Description: The purpose of this study was to determine whether varying levels of computer anxiety have an effect on computer-based testing of United States Air Force technical training students. The first chapter presents an overview of computer-based testing, defines key terms, and identifies questions addressed in the research. The rationale for conducting this study was that little research had been done in this area. The second chapter contains a review of the pertinent literature related to computer-based testing, computer anxiety, test reliability, validity, and gender differences in computer use. Due to the lack understanding concerning any effects of computer anxiety on computer-based testing, this has been a worthwhile topic to explore, and it makes a significant contribution to the training field. The third chapter describes the qualitative research methodology used to conduct the study. The primary methodology was an analysis of variance comparison for groups of individuals who displayed high or low computer anxiety to their respective mean computer-based or paper-based aircraft maintenance knowledge testing scores. The research population consisted of United States Air Force aircraft maintenance craftsmen students attending training at Sheppard Air Force Base, Texas. The fourth chapter details the findings of the study. The findings indicate that there was no significant difference between the groups of students rated with high computer anxiety and low computer anxiety while testing with computers. Additionally, no significant differences were detected while testing alternative hypotheses covering differences between groups of students rated with high computer anxiety and low computer anxiety testing by traditional paper-and pencil methods. Finally, a reference section identifying the literature used in the preparation of this dissertation is also included.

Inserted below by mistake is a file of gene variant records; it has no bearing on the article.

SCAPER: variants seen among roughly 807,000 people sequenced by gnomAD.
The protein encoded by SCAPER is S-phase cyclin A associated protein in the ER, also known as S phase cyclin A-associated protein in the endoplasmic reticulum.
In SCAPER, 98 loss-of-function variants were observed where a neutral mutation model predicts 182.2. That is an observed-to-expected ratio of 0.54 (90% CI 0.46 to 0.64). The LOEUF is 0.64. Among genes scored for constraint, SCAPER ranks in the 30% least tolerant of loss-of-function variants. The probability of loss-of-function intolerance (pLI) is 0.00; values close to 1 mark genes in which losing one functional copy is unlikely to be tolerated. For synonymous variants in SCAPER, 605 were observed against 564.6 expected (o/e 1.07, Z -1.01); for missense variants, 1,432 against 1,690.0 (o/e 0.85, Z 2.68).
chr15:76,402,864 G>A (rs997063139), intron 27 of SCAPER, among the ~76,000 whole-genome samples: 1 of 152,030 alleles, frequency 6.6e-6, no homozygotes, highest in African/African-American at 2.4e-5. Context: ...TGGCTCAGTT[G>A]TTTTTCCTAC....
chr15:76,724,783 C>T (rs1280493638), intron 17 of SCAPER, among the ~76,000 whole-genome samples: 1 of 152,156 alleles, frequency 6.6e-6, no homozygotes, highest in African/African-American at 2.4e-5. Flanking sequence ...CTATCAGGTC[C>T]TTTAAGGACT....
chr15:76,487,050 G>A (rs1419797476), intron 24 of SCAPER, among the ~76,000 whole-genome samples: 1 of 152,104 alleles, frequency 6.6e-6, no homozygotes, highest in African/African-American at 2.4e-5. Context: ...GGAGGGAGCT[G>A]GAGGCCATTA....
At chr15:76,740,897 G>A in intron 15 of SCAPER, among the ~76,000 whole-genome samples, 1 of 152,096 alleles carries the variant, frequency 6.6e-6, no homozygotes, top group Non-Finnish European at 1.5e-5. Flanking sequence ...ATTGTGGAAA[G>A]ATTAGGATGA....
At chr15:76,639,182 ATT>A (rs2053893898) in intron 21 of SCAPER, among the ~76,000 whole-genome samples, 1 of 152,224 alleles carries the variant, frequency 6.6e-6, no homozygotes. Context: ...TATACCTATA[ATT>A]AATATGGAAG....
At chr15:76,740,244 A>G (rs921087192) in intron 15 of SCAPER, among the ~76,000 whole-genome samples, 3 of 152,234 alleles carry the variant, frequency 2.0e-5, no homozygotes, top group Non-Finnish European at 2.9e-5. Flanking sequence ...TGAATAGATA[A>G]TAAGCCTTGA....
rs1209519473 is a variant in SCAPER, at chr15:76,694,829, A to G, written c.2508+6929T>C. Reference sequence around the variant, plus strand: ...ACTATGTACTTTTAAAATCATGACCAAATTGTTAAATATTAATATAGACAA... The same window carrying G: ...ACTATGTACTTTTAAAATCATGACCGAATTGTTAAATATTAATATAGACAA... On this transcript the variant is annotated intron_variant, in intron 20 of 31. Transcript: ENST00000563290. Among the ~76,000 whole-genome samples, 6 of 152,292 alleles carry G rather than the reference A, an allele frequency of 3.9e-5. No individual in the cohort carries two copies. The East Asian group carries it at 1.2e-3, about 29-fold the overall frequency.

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Date: May 2002